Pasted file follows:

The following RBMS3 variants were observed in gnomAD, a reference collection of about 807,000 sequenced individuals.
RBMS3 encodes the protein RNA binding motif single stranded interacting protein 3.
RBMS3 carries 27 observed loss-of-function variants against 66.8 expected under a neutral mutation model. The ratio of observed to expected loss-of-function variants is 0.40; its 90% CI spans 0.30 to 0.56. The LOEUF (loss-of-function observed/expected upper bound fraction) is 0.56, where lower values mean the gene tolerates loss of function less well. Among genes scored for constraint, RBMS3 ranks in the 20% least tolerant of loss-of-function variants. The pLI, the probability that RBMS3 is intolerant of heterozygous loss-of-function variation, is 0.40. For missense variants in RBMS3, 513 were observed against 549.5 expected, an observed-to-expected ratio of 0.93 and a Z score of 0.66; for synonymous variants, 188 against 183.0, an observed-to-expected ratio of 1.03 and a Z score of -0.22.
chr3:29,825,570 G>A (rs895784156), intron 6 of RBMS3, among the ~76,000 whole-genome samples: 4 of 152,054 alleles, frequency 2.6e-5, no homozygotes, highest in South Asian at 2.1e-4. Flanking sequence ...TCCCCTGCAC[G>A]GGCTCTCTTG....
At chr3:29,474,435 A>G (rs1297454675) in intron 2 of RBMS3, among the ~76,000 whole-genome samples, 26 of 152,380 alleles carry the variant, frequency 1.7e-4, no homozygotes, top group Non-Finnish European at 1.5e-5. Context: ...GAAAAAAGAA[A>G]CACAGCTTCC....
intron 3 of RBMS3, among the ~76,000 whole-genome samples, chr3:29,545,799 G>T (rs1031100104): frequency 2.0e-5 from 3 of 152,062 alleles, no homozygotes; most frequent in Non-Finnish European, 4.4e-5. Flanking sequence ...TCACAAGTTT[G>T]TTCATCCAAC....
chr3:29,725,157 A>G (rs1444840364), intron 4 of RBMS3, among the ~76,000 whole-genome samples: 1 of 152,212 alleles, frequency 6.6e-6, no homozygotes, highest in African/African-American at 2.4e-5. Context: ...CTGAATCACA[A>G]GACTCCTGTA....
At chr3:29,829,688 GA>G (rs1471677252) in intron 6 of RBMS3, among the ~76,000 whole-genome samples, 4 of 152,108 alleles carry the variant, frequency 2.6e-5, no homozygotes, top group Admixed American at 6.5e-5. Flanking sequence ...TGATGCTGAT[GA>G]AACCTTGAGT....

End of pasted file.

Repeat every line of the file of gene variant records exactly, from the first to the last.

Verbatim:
The following RBMS3 variants were observed in gnomAD, a reference collection of about 807,000 sequenced individuals.
RBMS3 encodes the protein RNA binding motif single stranded interacting protein 3.
RBMS3 carries 27 observed loss-of-function variants against 66.8 expected under a neutral mutation model. The ratio of observed to expected loss-of-function variants is 0.40; its 90% CI spans 0.30 to 0.56. The LOEUF (loss-of-function observed/expected upper bound fraction) is 0.56, where lower values mean the gene tolerates loss of function less well. Among genes scored for constraint, RBMS3 ranks in the 20% least tolerant of loss-of-function variants. The pLI, the probability that RBMS3 is intolerant of heterozygous loss-of-function variation, is 0.40. For missense variants in RBMS3, 513 were observed against 549.5 expected, an observed-to-expected ratio of 0.93 and a Z score of 0.66; for synonymous variants, 188 against 183.0, an observed-to-expected ratio of 1.03 and a Z score of -0.22.
chr3:29,825,570 G>A (rs895784156), intron 6 of RBMS3, among the ~76,000 whole-genome samples: 4 of 152,054 alleles, frequency 2.6e-5, no homozygotes, highest in South Asian at 2.1e-4. Flanking sequence ...TCCCCTGCAC[G>A]GGCTCTCTTG....
At chr3:29,474,435 A>G (rs1297454675) in intron 2 of RBMS3, among the ~76,000 whole-genome samples, 26 of 152,380 alleles carry the variant, frequency 1.7e-4, no homozygotes, top group Non-Finnish European at 1.5e-5. Context: ...GAAAAAAGAA[A>G]CACAGCTTCC....
intron 3 of RBMS3, among the ~76,000 whole-genome samples, chr3:29,545,799 G>T (rs1031100104): frequency 2.0e-5 from 3 of 152,062 alleles, no homozygotes; most frequent in Non-Finnish European, 4.4e-5. Flanking sequence ...TCACAAGTTT[G>T]TTCATCCAAC....
chr3:29,725,157 A>G (rs1444840364), intron 4 of RBMS3, among the ~76,000 whole-genome samples: 1 of 152,212 alleles, frequency 6.6e-6, no homozygotes, highest in African/African-American at 2.4e-5. Context: ...CTGAATCACA[A>G]GACTCCTGTA....
At chr3:29,829,688 GA>G (rs1471677252) in intron 6 of RBMS3, among the ~76,000 whole-genome samples, 4 of 152,108 alleles carry the variant, frequency 2.6e-5, no homozygotes, top group Admixed American at 6.5e-5. Flanking sequence ...TGATGCTGAT[GA>G]AACCTTGAGT....